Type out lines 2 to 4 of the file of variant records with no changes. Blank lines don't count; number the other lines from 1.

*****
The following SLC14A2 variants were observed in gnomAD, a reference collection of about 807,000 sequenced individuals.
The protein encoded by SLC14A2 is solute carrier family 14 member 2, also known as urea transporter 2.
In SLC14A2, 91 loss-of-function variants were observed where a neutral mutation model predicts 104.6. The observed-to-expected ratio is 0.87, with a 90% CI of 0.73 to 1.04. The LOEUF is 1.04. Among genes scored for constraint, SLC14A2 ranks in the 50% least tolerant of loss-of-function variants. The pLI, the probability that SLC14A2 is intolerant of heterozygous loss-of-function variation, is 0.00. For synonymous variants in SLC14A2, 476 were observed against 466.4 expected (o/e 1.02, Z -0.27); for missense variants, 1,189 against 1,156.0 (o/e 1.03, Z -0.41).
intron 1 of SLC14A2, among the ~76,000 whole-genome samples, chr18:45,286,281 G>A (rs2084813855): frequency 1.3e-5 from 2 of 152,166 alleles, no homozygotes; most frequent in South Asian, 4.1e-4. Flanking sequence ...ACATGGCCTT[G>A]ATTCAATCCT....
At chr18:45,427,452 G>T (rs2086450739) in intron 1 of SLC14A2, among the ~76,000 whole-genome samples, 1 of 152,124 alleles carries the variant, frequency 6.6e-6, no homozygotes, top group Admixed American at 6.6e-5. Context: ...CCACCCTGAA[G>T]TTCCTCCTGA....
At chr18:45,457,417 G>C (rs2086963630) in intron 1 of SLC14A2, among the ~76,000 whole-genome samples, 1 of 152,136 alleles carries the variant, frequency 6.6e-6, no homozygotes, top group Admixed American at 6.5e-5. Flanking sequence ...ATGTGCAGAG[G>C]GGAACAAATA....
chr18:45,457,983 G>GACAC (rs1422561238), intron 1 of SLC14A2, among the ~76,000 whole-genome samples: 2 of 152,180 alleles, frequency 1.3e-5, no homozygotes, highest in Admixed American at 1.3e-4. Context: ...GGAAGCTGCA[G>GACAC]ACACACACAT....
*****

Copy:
The protein encoded by SLC14A2 is solute carrier family 14 member 2, also known as urea transporter 2.
In SLC14A2, 91 loss-of-function variants were observed where a neutral mutation model predicts 104.6. The observed-to-expected ratio is 0.87, with a 90% CI of 0.73 to 1.04. The LOEUF is 1.04. Among genes scored for constraint, SLC14A2 ranks in the 50% least tolerant of loss-of-function variants. The pLI, the probability that SLC14A2 is intolerant of heterozygous loss-of-function variation, is 0.00. For synonymous variants in SLC14A2, 476 were observed against 466.4 expected (o/e 1.02, Z -0.27); for missense variants, 1,189 against 1,156.0 (o/e 1.03, Z -0.41).
intron 1 of SLC14A2, among the ~76,000 whole-genome samples, chr18:45,286,281 G>A (rs2084813855): frequency 1.3e-5 from 2 of 152,166 alleles, no homozygotes; most frequent in South Asian, 4.1e-4. Flanking sequence ...ACATGGCCTT[G>A]ATTCAATCCT....